The Cas9 ribonucleoproteins (RNP) were backfilled into a microinjection needle. Microinjections were carried out using positive balancing pressure, microinjecting into the cytoplasm of fertilized 1-cell zygotes held in FHM medium. A successful injection was indicated by visible movement in the cytoplasm after breaking the Oolemma. Microinjected 1 cell embryos were briefly cultured and viable zygotes were transferred the same day by oviducal embryo transfer into a 0.5 days post coital (d.p.c.) pseudo-pregnant female F1 (CBA/C57BL/6J) recipients[16]. After 12.5 d.p.c. recipient mice were humanely culled and embryos dissected and snap frozen. Previously, the parents from each group were humanely culled, tissue taken and labelled according to which microinjection group they contributed to (S1 Table).

All procedures performed in studies involving animals were in accordance with the ethical standards of the institution or practice at which the studies were conducted and performed with approval of the UK Home Office.

3. DNA extraction from mice and embryos

For the historical data, genomic DNA was extracted from earclips of F0 mice using the Sample-to-SNP kit lysis buffer (Life Technologies).

For the trio experiments, genomic DNA was extracted from the kidney of parent animals or from macerated whole 12.5 d.p.c. embryos using the DNeasy Blood & Tissue Kit (Qiagen) according to manufacturer's instructions. DNA was quantified using a NanoDrop spectrophotometer.

Note that for the historical data, extracting DNA from ear-clips could bias the estimate of on-target mosaicism, depending on the distribution of mutant cells. The mosaicism rate from historical data is, however, approximately the same as the current mosaicism rate, with approximately 2 on-target variants per embryo (S3 Table). Similarly, the choice to extract DNA from parental kidneys only could bias the de novo variant count for particular pedigrees. However, any bias in a single pedigree should be mitigated by the use of three control groups from different pedigrees. Additionally, the high sequencing depth used when validating all candidate de novo variants would minimise possible bias resulting from subclonal mutations in the parental kidneys.

4. Amplicon sequencing and analysis at the Tyr locus of mice and embryos

This analysis was performed on 324 historical mice, and on the parents and embryos in the trio experiment. 1μl of genomic DNA was used for amplicon specific PCR using genome specific primers (PE_tyrex2N_F1 and PE_tyrex2N_R1, Table 5), which flanked the expected on-target sites for Tyr2R and Tyr2F. The indexed libraries were sequenced using standard protocols and Illumina MiSeq technologies (Paired End 250bp runs).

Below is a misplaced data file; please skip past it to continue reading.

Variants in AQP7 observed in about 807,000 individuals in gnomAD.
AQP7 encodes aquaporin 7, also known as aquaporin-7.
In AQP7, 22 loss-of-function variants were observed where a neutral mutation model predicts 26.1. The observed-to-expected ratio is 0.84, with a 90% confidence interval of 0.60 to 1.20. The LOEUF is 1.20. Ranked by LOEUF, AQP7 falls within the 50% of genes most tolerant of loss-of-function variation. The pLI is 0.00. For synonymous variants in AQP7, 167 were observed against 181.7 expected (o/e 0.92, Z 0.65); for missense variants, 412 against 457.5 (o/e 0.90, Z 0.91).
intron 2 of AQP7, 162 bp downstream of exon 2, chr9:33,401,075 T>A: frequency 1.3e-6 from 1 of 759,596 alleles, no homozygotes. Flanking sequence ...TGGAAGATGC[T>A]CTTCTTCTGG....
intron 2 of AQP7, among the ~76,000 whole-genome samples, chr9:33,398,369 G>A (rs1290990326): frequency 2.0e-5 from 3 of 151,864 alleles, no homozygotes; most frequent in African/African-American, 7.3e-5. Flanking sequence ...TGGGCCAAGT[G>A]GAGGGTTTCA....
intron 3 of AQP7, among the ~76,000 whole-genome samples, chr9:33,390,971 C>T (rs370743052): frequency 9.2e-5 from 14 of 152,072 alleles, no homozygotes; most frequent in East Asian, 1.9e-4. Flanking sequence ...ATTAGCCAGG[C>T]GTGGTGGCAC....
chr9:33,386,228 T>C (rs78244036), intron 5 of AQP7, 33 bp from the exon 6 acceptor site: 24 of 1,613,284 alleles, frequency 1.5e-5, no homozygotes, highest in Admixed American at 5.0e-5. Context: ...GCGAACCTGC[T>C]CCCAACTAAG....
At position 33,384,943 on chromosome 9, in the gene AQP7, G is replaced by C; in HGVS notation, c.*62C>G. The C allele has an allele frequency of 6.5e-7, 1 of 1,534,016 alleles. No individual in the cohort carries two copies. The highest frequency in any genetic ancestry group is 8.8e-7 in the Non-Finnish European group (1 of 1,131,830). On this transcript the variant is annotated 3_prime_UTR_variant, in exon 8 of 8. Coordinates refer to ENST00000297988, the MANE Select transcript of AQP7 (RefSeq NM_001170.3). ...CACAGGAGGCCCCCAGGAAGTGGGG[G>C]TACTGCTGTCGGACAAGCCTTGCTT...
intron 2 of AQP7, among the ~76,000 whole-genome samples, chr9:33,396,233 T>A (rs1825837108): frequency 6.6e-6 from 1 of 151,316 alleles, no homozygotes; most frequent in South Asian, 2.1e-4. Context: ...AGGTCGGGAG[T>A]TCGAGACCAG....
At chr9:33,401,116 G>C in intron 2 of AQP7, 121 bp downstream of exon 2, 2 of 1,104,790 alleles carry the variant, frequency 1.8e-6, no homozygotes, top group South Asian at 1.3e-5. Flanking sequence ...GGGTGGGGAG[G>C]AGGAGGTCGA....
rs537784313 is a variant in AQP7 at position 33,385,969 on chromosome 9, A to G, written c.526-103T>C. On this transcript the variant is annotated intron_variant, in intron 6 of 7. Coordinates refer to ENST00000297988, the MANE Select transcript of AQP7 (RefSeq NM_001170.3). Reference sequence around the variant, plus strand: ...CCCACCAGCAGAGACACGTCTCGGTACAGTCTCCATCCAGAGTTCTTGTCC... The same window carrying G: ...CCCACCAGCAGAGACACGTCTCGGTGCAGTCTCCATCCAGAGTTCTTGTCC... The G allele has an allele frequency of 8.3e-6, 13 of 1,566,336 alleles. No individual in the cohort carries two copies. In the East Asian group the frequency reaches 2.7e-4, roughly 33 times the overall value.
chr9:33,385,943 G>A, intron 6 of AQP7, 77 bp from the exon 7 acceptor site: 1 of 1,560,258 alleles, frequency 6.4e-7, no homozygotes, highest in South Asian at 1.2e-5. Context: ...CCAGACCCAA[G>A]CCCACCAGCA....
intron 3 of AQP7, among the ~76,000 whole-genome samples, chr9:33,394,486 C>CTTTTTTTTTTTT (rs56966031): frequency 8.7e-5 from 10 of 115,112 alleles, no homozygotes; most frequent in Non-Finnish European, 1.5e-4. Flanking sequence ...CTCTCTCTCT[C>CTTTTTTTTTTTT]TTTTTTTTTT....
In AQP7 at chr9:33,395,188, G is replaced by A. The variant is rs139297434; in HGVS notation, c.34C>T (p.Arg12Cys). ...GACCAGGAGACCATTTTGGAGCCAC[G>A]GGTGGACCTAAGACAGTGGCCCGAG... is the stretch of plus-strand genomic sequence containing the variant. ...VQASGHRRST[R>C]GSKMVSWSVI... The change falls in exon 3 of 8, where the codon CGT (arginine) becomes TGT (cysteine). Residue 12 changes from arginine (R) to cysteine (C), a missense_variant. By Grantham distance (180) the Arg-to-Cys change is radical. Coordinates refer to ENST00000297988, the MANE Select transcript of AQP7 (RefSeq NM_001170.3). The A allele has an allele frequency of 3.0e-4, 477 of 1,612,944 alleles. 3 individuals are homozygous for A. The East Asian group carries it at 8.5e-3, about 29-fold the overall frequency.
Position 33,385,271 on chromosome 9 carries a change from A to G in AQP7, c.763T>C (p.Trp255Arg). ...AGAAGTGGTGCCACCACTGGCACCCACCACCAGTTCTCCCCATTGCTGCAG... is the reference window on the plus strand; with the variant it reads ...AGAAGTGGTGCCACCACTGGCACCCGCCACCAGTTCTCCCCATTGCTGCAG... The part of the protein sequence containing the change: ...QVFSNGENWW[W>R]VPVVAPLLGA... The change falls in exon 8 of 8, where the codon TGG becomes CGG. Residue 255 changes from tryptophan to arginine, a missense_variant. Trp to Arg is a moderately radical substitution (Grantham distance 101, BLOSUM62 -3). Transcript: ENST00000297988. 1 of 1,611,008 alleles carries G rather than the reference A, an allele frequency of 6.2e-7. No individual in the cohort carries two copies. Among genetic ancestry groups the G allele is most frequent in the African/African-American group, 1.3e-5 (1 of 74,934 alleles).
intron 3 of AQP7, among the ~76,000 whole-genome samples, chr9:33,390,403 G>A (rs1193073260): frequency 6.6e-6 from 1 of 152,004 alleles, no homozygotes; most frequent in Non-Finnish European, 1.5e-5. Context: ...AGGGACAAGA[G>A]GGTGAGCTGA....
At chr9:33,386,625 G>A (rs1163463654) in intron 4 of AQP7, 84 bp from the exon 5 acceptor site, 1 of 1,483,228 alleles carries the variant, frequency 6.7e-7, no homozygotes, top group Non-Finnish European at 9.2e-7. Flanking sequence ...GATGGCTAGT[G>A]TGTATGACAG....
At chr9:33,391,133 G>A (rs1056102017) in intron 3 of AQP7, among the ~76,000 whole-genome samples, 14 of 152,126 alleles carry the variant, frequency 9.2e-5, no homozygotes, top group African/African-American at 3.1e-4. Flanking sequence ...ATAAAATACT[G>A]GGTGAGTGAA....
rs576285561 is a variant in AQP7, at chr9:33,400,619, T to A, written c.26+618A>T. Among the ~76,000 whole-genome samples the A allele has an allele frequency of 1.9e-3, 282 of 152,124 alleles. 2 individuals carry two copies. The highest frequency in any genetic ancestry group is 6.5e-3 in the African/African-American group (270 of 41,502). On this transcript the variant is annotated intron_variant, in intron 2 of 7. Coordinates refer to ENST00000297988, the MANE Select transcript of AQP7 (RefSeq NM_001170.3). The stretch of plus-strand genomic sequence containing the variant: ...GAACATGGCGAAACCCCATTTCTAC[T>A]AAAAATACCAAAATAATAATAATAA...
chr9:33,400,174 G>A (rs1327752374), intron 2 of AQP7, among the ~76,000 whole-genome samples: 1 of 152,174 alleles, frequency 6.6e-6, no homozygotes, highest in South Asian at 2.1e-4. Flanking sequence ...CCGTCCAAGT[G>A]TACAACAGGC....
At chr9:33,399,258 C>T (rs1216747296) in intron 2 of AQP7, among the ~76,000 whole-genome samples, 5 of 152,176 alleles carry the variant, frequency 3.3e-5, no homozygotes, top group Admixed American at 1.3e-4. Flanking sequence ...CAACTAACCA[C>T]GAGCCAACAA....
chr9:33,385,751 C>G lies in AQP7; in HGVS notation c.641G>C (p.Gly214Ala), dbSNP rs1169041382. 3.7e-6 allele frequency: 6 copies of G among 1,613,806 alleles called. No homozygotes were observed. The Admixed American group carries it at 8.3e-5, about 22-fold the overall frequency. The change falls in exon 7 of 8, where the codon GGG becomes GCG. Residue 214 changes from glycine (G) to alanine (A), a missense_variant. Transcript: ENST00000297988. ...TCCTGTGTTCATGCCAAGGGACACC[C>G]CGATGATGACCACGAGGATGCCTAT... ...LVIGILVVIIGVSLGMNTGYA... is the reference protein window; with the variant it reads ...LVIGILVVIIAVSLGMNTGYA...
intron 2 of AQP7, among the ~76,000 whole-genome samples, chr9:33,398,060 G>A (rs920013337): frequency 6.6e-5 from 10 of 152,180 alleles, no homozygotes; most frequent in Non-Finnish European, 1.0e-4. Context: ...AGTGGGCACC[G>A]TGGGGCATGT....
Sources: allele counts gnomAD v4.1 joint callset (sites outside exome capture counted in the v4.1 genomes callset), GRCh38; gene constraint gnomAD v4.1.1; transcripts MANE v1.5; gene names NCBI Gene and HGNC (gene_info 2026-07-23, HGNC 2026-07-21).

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Table 5. Sequences of primers flanking expected on-target sites for Tyr2R and Tyr2F.

https://doi.org/10.1371/journal.pgen.1007503.t005

The paired-end fastq files generated were analysed using the CRISPResso sequence analysis package[6]. A typical command line used to run CRISPResso specified both gRNA sequences concurrently and allowed a window of 30bp around the gRNA sites to detect possible mutations: CRISPResso -r1 sample_read1.fastq.fastq -r2 sample_read2.fastq -a <unedited_amplicon_sequence> -w 30 -g <Tyr2R_sequence>,<Tyr2F_sequence>. The resulting sequence variants were visually inspected for indels with an allele fraction of at least 5%.

MiSeq analysis performed on the target region in these samples using CRISPResso showed that the parents, no injection, sham and Cas9 only groups showed no on-target activity, whereas the two gRNAs showed efficient cutting at their target site (S3 Table). Of the 10 mice showing targeting for the Tyr2R gRNA, 3 had one allele (30%), 5 had two alleles (50%) and 2 had three alleles (20%). Of the 7 mice showing targeting for the Tyr2F gRNA, 4 had two alleles (57%), with the remaining three mice containing either one, three or four alleles. This is in broad concordance with the historical data (S3 Table).

In order to cover a representative range of alleles at the on-target site, we selected the following mice for WGS analysis: for the Tyr2R sample 1 mouse with one allele, 3 mice with two alleles and 1 mouse with three alleles; for the Tyr2F sample 1 mouse with one allele, 3 mice with two alleles and 1 mouse with three alleles (in total five embryos Tyr2F and five embyros for Tyr2R).

5. Whole genome sequencing

Whole genome sequencing libraries were prepared using standard protocols for the Illumina X10 platform (ENA Accession ERP024425). The resulting sequence was aligned using bwa mem to the reference mouse GRCm38 assembly. The total mapped coverage varied from 34x to 47x, with a median of 39.5x (Fig 1B). The median fraction of bases with a coverage of greater than 50x was 39% and the median fraction of bases with a coverage of less than 11x was 3.4% (S2 Table).

6. Probability of detecting de novo mutations at low allele fractions (power)